20 August 2008

Uganda: TSO Trades Labour for Cows, Seeds

Kampala — A newly-constructed 48km road in Ngariam and a market in Omodoi sub-county, Katakwi district are some of the benefits the residents have got from the new vouchers-for-work project.

Under this initiative, participating communities identify and repair infrastructure that was destroyed during the Lord's Resistance Army insurgency. In addition, roads, markets, water sources and cattle dips are constructed. Supported by the Food and Agriculture Organisation (FAO), the project is valued at sh60m.

"Vouchers-for-work is a sustainable approach that enables the local community to prioritise the infrastructure needs of their community. They participate in rehabilitation by providing labour," said Percy Misika, the FAO country representative.

Misika and Musa Ecweru, the disaster preparedness state minister, recently visited the district to distribute relief items including cassava cuttings, sweet potato vines, hoes and pangas to communities returning from Internally Displaced Persons' (IDP) camps.

He said after they have worked, community members are given vouchers which are redeemed for seeds, agricultural tools or livestock. Each community member receives a voucher equivalent to the number of days worked. The work normally takes three to four hours per day.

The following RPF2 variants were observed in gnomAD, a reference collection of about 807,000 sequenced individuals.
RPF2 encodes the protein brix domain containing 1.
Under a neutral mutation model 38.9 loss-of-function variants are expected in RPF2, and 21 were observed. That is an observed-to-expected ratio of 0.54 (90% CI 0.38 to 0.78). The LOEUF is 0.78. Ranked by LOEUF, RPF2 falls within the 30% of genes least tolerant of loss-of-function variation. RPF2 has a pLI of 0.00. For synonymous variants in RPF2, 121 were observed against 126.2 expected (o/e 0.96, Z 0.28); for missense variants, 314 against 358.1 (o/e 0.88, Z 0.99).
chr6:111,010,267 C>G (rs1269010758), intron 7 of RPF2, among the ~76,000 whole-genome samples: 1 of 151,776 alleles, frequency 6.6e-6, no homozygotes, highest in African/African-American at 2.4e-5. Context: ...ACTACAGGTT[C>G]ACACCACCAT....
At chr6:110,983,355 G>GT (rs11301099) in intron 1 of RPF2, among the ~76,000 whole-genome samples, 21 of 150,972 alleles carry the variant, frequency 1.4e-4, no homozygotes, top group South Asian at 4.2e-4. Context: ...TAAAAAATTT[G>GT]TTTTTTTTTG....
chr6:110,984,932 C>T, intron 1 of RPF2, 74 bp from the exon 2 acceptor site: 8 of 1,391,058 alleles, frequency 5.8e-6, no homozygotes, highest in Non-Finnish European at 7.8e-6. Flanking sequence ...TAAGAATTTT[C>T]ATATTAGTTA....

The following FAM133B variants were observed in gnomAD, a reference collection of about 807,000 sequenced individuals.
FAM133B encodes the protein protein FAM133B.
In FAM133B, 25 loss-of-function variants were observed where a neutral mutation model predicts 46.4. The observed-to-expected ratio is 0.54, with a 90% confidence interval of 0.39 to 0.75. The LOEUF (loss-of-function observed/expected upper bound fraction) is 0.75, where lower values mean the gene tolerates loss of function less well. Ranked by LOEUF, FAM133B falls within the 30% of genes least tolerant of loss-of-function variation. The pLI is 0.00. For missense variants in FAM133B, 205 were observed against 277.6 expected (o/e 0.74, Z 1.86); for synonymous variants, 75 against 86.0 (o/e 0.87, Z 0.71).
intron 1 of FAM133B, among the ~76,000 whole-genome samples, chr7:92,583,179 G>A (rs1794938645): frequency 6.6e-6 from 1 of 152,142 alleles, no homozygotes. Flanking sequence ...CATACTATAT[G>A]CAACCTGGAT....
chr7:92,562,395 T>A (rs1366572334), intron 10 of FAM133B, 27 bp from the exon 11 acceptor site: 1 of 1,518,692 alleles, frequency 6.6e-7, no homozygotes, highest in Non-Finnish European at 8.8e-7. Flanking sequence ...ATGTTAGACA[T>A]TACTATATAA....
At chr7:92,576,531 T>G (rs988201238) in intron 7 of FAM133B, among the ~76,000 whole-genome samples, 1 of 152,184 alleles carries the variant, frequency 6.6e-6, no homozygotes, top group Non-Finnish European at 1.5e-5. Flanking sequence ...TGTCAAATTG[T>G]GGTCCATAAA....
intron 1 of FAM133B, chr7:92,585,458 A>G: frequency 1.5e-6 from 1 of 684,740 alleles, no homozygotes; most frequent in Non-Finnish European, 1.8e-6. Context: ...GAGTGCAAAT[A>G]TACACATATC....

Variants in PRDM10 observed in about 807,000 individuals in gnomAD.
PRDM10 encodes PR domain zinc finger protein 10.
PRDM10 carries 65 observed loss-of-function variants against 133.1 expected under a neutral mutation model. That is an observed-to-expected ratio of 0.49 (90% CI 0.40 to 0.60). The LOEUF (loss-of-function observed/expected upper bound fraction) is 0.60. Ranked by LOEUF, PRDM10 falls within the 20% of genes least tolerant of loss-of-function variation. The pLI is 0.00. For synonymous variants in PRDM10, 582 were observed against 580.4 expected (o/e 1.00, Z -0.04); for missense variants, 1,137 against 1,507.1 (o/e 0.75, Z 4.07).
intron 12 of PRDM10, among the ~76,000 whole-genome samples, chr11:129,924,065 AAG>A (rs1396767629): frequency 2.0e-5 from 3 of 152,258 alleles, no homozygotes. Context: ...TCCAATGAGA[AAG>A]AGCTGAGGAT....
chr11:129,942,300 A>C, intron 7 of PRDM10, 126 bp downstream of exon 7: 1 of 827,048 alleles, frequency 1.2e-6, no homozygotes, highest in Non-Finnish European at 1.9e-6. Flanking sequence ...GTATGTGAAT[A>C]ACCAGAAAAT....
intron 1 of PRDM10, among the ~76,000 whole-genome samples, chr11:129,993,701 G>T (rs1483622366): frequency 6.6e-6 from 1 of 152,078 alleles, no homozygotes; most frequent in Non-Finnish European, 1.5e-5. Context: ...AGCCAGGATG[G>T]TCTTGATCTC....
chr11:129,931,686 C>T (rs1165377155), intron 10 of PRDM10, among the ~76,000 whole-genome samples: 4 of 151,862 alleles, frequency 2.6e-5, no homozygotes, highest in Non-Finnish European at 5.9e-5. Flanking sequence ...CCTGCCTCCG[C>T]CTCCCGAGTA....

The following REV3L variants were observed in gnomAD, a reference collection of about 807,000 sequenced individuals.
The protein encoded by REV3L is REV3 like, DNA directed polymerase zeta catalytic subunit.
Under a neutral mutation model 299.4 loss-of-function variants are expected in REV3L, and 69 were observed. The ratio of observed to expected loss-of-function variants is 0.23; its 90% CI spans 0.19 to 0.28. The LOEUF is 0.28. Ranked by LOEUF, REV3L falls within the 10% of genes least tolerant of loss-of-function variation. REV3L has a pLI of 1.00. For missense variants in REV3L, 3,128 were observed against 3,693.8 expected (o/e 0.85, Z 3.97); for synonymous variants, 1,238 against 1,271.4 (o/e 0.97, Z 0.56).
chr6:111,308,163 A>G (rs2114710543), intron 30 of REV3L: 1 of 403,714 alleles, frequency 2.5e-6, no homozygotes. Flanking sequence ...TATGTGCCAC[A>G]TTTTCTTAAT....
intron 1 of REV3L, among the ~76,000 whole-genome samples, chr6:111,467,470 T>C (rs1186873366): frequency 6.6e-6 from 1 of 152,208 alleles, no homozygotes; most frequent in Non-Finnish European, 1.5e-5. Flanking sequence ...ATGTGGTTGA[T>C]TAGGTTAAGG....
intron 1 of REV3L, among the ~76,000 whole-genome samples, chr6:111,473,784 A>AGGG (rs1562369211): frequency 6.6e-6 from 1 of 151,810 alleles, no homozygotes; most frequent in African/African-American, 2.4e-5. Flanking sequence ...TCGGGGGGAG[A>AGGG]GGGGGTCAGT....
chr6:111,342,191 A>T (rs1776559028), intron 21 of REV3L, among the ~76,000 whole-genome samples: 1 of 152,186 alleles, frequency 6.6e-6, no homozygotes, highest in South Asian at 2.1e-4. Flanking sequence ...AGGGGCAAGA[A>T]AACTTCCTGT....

Misika said the Norwegian government had provided funds to improve agricultural productivity and income security of the displaced and returning communities in northern Uganda. The $2.9m (about sh4.7b) project, which started last year, has benefited over 30,000 households in Teso, Acholi, and Lango sub-regions. The vouchers-for-work scheme is one component of the project.

The implementing partners mobilise the communities, sensitise them, supervise the work, and ensure that the beneficiaries receive their vouchers.

So far, Arbeiter-Samariter-Bund, the implementing partner, has identified 752 projects including 204 roads, 24 woodlot, four cattle crushes, eight markets and 18 springs that are being rehabilitated, Misika said.

"In the beginning it was reasonable to distribute free seeds and tools to IDPs. However, as people began to return home, it was imperative that sustainable approaches were adopted to ensure that the local communities participate in their own development," he said.

Misika explained that FAO works with local distributors to provide the necessary inputs for the project.

The Katakwi district chairperson, Robert Ekongot appreciated FAO's efforts to develop the district.

"Many of the roads had turned bushy and overgrown. They were a prime source of insecurity. After the works we are confident that movement will be facilitated," he said.

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